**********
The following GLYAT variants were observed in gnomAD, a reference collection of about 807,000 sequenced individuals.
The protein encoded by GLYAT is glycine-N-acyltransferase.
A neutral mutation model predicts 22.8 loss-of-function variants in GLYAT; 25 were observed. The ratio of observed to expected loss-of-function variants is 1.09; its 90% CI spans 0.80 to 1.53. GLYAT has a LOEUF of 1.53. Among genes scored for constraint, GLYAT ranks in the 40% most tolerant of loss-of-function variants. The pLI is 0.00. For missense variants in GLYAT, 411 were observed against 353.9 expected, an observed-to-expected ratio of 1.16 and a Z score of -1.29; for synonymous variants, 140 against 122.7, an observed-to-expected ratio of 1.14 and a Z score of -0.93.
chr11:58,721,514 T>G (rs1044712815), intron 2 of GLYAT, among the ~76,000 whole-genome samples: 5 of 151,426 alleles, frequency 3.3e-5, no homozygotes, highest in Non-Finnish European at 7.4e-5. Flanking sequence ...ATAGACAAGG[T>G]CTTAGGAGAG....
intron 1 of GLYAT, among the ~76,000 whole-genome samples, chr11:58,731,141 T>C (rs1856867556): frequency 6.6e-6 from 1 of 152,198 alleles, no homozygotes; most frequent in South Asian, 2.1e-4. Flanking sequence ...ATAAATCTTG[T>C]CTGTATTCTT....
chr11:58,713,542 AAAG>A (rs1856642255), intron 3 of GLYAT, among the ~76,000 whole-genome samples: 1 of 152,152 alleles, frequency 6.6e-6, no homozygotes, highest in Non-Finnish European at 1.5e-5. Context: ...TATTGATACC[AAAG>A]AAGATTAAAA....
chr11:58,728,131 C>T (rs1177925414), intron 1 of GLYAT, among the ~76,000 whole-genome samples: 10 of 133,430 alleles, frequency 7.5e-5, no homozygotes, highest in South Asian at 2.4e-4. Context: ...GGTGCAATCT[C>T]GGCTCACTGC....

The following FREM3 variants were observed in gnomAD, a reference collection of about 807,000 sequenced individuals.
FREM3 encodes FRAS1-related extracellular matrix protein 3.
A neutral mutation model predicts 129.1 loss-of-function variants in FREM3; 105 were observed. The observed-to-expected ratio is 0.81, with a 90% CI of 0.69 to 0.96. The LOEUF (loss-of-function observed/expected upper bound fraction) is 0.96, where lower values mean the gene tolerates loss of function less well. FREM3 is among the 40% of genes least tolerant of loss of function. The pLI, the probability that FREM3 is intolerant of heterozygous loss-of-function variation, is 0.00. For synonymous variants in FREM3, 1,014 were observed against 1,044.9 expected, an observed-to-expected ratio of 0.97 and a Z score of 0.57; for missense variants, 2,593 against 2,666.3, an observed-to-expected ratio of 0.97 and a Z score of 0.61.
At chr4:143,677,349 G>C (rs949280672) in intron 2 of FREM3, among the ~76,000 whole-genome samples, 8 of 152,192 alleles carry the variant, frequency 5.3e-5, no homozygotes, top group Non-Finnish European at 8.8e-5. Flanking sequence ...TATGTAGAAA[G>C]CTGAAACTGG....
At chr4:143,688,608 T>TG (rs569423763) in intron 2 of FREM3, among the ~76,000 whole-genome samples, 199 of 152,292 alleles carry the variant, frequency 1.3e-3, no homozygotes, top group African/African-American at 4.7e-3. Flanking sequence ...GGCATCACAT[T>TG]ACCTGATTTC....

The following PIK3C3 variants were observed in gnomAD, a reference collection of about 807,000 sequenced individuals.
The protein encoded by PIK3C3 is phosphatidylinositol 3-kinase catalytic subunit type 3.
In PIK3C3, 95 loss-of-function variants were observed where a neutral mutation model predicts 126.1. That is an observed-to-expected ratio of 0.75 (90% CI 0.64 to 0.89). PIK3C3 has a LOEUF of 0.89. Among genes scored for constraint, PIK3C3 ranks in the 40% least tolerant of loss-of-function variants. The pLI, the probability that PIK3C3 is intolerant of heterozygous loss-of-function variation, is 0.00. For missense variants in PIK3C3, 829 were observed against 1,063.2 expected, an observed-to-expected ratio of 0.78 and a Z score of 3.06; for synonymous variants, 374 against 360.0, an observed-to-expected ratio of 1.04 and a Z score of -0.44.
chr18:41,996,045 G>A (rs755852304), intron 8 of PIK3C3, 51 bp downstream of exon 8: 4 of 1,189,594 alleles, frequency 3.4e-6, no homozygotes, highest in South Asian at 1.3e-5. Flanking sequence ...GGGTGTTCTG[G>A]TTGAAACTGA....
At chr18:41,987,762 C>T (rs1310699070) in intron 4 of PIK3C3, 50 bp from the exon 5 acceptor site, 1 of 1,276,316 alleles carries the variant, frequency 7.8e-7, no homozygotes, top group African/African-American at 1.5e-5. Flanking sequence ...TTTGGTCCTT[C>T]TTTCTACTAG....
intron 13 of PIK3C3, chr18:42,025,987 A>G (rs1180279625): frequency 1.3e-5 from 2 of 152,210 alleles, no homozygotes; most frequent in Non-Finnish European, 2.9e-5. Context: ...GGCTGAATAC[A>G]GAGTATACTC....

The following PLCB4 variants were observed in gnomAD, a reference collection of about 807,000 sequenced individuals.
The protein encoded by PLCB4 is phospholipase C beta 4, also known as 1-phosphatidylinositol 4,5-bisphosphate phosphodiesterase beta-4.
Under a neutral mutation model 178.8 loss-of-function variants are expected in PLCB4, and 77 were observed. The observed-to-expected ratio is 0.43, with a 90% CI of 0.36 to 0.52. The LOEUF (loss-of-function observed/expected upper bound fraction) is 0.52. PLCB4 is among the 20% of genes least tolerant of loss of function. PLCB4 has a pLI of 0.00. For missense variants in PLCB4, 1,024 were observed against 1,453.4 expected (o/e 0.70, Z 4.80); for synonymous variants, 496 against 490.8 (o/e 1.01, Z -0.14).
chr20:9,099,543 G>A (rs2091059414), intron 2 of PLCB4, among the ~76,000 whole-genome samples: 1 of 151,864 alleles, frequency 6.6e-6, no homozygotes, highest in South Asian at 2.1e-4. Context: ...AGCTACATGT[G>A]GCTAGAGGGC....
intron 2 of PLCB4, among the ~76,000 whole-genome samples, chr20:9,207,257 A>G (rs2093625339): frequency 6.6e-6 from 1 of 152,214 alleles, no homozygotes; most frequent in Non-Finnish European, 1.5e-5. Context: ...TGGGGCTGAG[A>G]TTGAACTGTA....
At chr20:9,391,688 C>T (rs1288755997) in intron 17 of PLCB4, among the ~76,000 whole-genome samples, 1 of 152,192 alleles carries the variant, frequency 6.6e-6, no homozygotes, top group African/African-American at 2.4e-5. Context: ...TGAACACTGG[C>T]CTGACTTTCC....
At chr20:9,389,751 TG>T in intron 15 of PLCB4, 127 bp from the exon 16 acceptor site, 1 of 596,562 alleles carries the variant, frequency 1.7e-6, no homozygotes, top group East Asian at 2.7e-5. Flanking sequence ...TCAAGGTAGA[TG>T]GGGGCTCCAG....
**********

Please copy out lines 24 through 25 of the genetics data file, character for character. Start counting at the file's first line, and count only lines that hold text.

At chr20:9,391,688 C>T (rs1288755997) in intron 17 of PLCB4, among the ~76,000 whole-genome samples, 1 of 152,192 alleles carries the variant, frequency 6.6e-6, no homozygotes, top group African/African-American at 2.4e-5. Context: ...TGAACACTGG[C>T]CTGACTTTCC....
At chr20:9,389,751 TG>T in intron 15 of PLCB4, 127 bp from the exon 16 acceptor site, 1 of 596,562 alleles carries the variant, frequency 1.7e-6, no homozygotes, top group East Asian at 2.7e-5. Flanking sequence ...TCAAGGTAGA[TG>T]GGGGCTCCAG....